anonymous
  • anonymous
cm, mm, inches, yards all are base units or derived???? please explain
Physics
  • Stacey Warren - Expert brainly.com
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chestercat
  • chestercat
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anonymous
  • anonymous
base units...
anonymous
  • anonymous
i dont think there's base and derived unit
UnkleRhaukus
  • UnkleRhaukus
\[0.9144[\text{m}]\equiv91.44[\text{cm}]\equiv914.4[\text{mm}]\equiv36[\text{in}]\equiv3[\text{ft}]\equiv1[\text{yd}]\]

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anonymous
  • anonymous
@UnkleRhaukus i agree with you but mm,cm yards ,inches all were declared as base units by proffesor walter lewin from MIT.
UnkleRhaukus
  • UnkleRhaukus
what does base units mean ?
anonymous
  • anonymous
base units are the units of base quantities eg lenght, time, mass etc
UnkleRhaukus
  • UnkleRhaukus
the SI base unit of length is the meter
anonymous
  • anonymous
in SI can i consider millimeter(mm) as base unit???
UnkleRhaukus
  • UnkleRhaukus
nope \[1[\text{mm}]=10^{-3}[\text m]\]
anonymous
  • anonymous
ok what about kilogram(kg) in SI system \[1[kg]=10^3[g]\]
anonymous
  • anonymous
but still kg is considered as base unit for mass
UnkleRhaukus
  • UnkleRhaukus
yep, there are only seven Si base units
Vincent-Lyon.Fr
  • Vincent-Lyon.Fr
There are seven SI base units. http://www.bipm.org/en/si/base_units/ In case of doubts, always refer to the full SI official brochure: http://www.bipm.org/utils/common/pdf/si_brochure_8_en.pdf
UnkleRhaukus
  • UnkleRhaukus
and i do agree that the base unit for mass is a confusing choice
Vincent-Lyon.Fr
  • Vincent-Lyon.Fr
cm and mm are decimal submultiples of the base unit "metre". As for the kilogram, the brochure states: "As an exception, the name of the kilogram, which is the base unit of mass, includes the prefix kilo, for historical reasons. It is nonetheless taken to be a base unit of the SI. The multiples and submultiples of the kilogram are formed by attaching prefix names to the unit name “gram”, and prefix symbols to the unit symbol “g” (see 3.2, p. 122). Thus 10−6 kg is written as a milligram, mg, not as a microkilogram, μkg."
anonymous
  • anonymous
i asked from my physics professor that in SI system can i consider mm,cm,inches , as base units for length in SI system. he told me no they are derived units because these units are derived from meter. now i m confused that kilogram is a base unit in SI system so its also derived from gram then why not the gram the base unit for length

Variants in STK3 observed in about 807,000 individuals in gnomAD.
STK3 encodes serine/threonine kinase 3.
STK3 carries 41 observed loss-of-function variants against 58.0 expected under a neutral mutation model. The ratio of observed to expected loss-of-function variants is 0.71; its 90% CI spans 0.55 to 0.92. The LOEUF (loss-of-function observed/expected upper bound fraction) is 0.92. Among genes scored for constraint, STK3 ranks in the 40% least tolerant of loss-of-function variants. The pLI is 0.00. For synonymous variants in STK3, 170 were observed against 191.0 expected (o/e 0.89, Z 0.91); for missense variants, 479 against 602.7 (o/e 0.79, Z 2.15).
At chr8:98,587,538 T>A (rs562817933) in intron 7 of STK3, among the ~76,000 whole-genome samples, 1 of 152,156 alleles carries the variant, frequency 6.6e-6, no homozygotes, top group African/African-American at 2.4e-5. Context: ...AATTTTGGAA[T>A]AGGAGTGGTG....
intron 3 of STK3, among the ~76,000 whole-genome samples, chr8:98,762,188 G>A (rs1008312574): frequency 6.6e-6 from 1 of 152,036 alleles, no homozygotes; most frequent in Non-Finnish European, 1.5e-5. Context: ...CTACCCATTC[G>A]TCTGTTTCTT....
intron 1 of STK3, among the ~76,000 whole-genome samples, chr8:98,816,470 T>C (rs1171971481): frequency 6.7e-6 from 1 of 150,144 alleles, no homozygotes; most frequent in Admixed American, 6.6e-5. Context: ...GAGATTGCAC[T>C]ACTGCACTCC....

anonymous
  • anonymous
I think.... The weight of 1 lit volume of water at zero degree Celsius is taken as reference for fixing base unit of weight at initial time, which is equivalent to 1 kg present SI unit. and 1 kg is easily feel-able weight comparing to 1 gm which is very less weight to feel...
anonymous
  • anonymous
@Vincent-Lyon.Fr thank you so much sir.
Vincent-Lyon.Fr
  • Vincent-Lyon.Fr
@03453660 Derived units are defined as products of powers of the base units. E.g. m/s or kg/m³ So cm and mm are not derived units. Some of the derived units received special names: kg.m/s² is the coherent derived unit for force, and received the name newton, symbol N.
anonymous
  • anonymous
so far i was concern about this issue was because i was in doubt because someone told me its base unit and others told me no its derived unit, but i was in strong belief that once a quantity is considered as base or fundamental quantity then all of its units are base units
Vincent-Lyon.Fr
  • Vincent-Lyon.Fr
This is because there was a confusion between "base quantities" and "base units". Length is a "base quantity", but among all units of length, only the metre is its "base unit".
anonymous
  • anonymous
@Vincent-Lyon.Fr thus base units depends upon the system i use eg in SI system the base unit for mass is kilogram and in CGS system the base unit for mass is gram
Vincent-Lyon.Fr
  • Vincent-Lyon.Fr
Yep, I should have written: Length is a "base quantity", but among all units of length, only the metre is its SI-"base unit".

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